There are growing doubts regarding the public listing of Saudi Arabia’s state oil company Aramco as preparations for its IPO have stalled. Aramco’s IPO is the main pillar of the Saudi government’s plan to open the kingdom’s economy but the initial public offering was meant to make the Saudi economy less dependent on oil. The transaction would create the largest public company in the history of capital markets. Yet, doubts have crystallized recently since experts expressed concerns that the country and the company are not ready for an IPO that could raise as much as $100 billion.
“Everyone is almost certain it is not going to happen,” commented a senior executive at Aramco, speaking of the public listing. Neither spokesman for Aramco nor representatives of the Saudi energy ministry have commented. The IPO that was first proposed by Saudi Crown Prince Mohammed bin Salman in January 2016 appeared to have been progressing until recently reasonably well, albeit slowly. For months, bankers and advisers worked with the company and the government to prepare Aramco for the public listing – a daunting task that would disentangle the state company from the government and from other state-owned entities.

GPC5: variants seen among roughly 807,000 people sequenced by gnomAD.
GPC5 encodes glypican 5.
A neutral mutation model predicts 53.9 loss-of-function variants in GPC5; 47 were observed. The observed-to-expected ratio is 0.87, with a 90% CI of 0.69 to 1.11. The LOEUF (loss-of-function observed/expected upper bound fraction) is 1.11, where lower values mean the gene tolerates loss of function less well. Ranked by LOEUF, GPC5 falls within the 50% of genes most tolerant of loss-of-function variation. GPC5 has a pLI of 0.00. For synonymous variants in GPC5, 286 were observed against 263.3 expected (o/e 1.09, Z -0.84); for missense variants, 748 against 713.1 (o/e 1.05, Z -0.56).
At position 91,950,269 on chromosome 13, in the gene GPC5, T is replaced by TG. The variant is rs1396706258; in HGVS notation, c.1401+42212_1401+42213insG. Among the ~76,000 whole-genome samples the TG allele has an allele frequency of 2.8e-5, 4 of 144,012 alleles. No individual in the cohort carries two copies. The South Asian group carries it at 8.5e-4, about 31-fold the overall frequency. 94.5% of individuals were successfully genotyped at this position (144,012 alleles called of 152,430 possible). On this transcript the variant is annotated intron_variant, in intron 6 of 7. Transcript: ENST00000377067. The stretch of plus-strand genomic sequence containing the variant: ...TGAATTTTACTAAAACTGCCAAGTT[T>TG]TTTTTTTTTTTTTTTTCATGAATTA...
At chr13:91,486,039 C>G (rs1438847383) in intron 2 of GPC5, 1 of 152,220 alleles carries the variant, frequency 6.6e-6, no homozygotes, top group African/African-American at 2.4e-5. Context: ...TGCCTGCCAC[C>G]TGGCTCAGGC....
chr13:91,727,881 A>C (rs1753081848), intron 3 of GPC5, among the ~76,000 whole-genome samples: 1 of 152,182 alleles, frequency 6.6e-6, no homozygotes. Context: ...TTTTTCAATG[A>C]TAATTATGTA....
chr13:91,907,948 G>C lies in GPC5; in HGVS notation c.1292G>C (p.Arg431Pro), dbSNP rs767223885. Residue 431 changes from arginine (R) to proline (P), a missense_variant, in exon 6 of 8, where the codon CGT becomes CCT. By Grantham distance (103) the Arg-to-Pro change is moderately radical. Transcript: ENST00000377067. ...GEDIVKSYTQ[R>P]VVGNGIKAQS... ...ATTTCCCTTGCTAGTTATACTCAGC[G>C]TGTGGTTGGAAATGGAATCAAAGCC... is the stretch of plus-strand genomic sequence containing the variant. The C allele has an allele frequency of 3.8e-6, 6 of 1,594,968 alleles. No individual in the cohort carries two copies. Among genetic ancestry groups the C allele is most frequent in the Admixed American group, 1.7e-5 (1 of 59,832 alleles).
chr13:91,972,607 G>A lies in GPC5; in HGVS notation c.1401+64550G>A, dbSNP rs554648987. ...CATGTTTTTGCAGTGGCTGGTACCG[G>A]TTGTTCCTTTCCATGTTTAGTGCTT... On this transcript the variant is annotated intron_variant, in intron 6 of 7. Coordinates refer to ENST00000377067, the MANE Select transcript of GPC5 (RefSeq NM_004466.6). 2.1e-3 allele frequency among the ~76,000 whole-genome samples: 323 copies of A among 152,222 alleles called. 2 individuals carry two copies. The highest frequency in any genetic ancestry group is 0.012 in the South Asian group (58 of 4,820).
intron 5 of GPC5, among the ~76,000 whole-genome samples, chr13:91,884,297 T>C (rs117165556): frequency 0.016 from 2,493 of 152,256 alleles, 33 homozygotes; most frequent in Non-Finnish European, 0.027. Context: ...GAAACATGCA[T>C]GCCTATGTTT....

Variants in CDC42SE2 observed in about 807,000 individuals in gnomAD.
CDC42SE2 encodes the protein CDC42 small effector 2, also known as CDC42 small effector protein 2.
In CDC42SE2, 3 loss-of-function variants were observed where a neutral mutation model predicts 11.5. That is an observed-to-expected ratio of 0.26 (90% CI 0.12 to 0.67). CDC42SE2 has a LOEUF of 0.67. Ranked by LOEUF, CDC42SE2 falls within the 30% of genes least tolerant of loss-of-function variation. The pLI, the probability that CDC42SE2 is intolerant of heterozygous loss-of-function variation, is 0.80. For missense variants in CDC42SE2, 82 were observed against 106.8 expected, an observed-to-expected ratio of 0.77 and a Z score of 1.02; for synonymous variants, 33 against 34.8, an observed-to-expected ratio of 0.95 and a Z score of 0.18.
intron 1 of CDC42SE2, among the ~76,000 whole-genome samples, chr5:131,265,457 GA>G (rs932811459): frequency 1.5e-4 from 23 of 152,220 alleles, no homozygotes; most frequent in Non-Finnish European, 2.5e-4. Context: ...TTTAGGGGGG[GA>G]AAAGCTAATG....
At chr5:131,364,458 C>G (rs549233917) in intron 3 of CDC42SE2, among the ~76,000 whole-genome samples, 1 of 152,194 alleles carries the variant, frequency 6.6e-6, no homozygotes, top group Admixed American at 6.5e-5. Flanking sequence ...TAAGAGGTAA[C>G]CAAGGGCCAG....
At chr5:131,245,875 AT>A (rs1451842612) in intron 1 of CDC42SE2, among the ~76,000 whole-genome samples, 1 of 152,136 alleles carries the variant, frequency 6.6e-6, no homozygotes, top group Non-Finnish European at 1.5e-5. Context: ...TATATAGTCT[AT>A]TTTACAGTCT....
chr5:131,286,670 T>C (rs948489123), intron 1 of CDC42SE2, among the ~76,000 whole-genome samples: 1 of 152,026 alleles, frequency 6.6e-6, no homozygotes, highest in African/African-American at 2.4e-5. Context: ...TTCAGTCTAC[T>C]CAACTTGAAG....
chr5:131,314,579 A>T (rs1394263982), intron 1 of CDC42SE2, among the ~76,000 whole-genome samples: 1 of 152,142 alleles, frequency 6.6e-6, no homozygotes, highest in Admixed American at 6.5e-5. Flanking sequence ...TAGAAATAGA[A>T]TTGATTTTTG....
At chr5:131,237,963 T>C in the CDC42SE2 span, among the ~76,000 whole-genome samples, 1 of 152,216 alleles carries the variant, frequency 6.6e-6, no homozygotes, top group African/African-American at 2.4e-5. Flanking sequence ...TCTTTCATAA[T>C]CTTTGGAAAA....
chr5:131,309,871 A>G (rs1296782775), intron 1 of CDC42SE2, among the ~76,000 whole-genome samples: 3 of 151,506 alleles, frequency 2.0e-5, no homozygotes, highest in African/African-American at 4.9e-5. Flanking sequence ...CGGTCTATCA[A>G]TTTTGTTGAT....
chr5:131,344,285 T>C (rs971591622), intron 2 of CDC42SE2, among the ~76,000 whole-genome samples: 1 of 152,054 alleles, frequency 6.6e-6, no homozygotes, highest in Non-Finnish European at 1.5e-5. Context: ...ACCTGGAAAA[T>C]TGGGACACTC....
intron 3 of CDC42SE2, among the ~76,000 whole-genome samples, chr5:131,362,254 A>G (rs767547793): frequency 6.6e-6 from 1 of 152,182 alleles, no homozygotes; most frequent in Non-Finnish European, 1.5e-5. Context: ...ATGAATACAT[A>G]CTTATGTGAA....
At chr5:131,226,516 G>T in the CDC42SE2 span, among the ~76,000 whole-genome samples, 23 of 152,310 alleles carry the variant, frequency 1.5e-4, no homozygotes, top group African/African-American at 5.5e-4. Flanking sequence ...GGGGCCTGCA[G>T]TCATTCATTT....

However, the activity has slowed down recently as Aramco executives and outside experts have been pointing out to the problems with the IPO. Saudis have invited law companies to Dubai to pitch for a possible IPO and asked them to prepare for the contingency that Aramco lists on a number of international venues. Stock exchange in New York, London or Hong Kong have, however, been dismissed on the grounds that they would carry too many legal risks.